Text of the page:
A New Year begins….


Abide in me as I abide in you. Just as the branch cannot bear fruit by itself unless it abides in the vine, neither can you unless you abide in me.  I am the vine, you are the branches. Those who abide in me and I in them bear much fruit, because apart from me you can do nothing. John 15


Well, here we are – 2020 has finished at last, but 2021 has been challenging even in it’s first week.
I want to recommence regular reflections in 2021 (thank you to those who wrote to me about reflections in 2020) and the passage I will return to continually is John 15 – I am finding this a rich resource for reflection and action for me as an individual and considering the church in general and St Paul’s in particular.
This passage from John is a wonderful picture of intimacy (and challenge). The deep connectedness between Jesus and us is graphic – the life giving, vital, sap of God in Christ flows into us who are the branches, enabling us to bear the fruit of the kingdom.


So profound is this, that St Teresa of Avila, the Spanish 16th century mystic wrote of this in these terms:

“In order to see Christ and to take delight in Him, we have no need to go to heaven. We need no wings to go in search of Him but have only to find a place where we can be alone and look upon Him dwelling within us.”
As we begin this year, I am not thinking of ‘new year resolutions’ but rather setting a course, a direction of travel. While we may still be limited in who we can meet up with and the simple pleasures of travel, concerts and the like….important meaningful work can still be done. We can choose to continue the deep work of transformation – to allow God’s sap to increasingly flow in and through us and to bear the fruit we were chosen to produce.


As we set this course for the year, as individuals and as a parish, Thomas Merton’s reflection on this theme seems appropriate.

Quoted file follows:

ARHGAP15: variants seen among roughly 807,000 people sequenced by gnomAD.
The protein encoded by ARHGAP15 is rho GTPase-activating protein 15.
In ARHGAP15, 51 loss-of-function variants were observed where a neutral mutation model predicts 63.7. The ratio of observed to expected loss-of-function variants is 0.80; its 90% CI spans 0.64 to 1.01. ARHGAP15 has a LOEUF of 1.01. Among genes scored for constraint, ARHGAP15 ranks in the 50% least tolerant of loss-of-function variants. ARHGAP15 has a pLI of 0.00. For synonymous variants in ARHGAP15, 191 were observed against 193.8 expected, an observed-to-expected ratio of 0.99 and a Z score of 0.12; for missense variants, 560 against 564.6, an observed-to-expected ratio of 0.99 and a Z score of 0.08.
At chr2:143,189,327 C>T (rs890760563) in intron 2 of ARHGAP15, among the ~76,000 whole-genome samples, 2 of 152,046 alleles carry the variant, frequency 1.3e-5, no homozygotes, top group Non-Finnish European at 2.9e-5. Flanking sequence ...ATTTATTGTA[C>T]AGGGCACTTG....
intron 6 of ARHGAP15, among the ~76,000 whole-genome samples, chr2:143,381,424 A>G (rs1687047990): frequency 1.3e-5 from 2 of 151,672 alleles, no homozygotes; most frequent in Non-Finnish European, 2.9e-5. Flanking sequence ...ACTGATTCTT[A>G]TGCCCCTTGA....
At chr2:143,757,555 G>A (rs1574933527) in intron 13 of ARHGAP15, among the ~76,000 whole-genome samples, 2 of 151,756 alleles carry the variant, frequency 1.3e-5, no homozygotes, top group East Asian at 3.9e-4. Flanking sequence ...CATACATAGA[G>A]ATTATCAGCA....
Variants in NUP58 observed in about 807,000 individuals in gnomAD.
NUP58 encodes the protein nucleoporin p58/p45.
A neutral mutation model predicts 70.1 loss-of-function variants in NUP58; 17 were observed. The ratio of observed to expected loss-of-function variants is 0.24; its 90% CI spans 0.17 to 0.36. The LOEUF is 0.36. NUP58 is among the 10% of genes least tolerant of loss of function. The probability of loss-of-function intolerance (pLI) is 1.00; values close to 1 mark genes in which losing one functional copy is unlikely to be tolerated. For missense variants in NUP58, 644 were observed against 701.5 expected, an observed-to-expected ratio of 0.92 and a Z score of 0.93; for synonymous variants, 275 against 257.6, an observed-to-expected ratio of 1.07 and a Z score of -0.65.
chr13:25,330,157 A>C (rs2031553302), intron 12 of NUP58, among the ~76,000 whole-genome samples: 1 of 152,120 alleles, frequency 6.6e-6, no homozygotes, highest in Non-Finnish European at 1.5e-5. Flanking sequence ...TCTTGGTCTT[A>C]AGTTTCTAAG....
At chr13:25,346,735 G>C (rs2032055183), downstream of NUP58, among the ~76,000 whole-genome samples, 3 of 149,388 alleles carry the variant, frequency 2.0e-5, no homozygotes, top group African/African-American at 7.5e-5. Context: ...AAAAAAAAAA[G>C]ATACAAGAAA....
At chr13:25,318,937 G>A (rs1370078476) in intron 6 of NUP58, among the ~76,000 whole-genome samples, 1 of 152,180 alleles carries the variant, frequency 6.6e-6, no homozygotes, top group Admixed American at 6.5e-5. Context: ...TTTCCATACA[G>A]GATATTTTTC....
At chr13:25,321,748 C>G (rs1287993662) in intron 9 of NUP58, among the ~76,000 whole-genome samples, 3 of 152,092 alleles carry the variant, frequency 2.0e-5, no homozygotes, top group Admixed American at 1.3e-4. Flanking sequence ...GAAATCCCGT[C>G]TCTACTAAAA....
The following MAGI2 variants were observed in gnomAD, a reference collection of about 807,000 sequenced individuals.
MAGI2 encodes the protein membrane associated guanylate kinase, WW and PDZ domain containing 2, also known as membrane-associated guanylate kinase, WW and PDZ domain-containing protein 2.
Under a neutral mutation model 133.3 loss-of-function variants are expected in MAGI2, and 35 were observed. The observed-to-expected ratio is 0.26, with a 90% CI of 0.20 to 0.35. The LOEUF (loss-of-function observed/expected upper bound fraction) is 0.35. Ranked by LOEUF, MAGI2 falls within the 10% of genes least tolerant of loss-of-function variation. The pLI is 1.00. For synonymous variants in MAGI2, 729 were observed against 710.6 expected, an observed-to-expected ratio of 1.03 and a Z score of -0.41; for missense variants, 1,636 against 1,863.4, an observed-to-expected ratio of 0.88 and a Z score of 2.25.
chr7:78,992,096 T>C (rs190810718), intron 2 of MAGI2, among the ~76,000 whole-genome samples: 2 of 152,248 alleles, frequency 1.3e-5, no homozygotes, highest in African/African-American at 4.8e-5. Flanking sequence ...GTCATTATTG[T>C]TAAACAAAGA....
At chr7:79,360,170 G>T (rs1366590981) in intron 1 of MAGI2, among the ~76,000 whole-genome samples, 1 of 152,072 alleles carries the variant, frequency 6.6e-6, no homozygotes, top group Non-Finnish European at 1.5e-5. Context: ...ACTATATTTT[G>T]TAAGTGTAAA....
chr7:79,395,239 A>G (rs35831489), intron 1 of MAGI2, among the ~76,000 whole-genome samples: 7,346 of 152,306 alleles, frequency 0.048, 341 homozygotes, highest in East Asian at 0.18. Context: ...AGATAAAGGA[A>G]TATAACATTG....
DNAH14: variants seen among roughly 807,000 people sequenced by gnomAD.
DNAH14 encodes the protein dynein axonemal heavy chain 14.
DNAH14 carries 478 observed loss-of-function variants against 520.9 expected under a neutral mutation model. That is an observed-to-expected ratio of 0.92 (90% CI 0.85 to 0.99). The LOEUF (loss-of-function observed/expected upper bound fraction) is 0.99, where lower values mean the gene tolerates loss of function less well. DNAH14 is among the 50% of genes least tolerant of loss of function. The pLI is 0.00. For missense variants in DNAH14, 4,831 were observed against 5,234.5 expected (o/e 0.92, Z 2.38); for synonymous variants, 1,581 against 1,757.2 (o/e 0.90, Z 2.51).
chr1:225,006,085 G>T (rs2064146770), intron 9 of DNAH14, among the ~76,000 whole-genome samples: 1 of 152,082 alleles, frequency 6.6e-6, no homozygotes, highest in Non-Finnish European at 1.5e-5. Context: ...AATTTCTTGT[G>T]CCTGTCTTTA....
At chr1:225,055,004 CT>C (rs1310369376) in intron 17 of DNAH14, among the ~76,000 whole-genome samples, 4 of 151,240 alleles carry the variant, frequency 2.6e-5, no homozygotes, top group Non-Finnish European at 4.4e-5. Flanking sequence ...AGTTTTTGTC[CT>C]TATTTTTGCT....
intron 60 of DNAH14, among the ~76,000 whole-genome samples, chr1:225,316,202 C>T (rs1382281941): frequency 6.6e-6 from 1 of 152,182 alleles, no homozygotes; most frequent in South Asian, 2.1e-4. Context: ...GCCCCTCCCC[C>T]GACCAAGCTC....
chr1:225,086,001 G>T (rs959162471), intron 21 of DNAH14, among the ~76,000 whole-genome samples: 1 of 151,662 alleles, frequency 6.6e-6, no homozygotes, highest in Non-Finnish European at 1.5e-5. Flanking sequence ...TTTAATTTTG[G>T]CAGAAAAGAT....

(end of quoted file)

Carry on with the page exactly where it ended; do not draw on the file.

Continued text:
True Christianity is growth in the life of the Spirit, a deepening of the new life, a continuous rebirth, in which the exterior and superficial life of the ego-self is discarded like an old snake skin and the mysterious, invisible self of the Spirit becomes more present and more active. The true Christian rebirth is a renewed transformation, a “Passover” in which [a person] is progressively liberated from selfishness and not only grows in love but in some sense “becomes love.” The perfection of the new birth is reached where there is no more selfishness, there is only love. In the language of the mystics, there is no more ego-self, there is only Christ; self no longer acts, only the Spirit acts in pure love. The perfect illumination is, then, the illumination of Love shining by itself. To become completely transparent and allow Love to shine by itself is the maturity of the “New Man.”


This is an exciting, if challenging, course. I am excited because it provides an anecdote to the anxious and divided world we live in right now. Returning to Merton, in Conjectures of a Guilty Bystander, he writes about the moment when “we realize that I am yours and you are mine, and that we could not be alien to one another even if we were total strangers. It would be like “waking from a dream of separateness,” to realize not only that we are one with God and can commune with the angels in our spirits, but that in our bodies we commune with all matter, and with our souls we embrace all humanity.”


The profound unity is in sharp contrast to the toxic divisions and rampant individualism in the world – it is truly counter cultural and provides welcome relief. How is this abiding to be achieved? Jesus says in Matthew 11:28-30 (The Message):


“Are you tired? Worn out? Burned out on religion? Come to me. Get away with me and you’ll recover your life. I’ll show you how to take a real rest. Walk with me and work with me—watch how I do it. Learn the unforced rhythms of grace. I won’t lay anything heavy or ill-fitting on you. Keep company with me and you’ll learn to live freely and lightly.”


Amen! Let’s walk with Jesus and work with the Spirit and learn to live freely and lightly this year.
With love, Philip

"Let nothing perturb you, nothing frighten you. All things pass. God does not change. Patience achieves everything." St Teresa of Avila

 

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[1] Thomas Merton, ed. Naomi Burton Stone and Brother Patrick Hart, “Rebirth and the New Man in Christianity,” Love and Living (Harcourt Books: 1979), 199.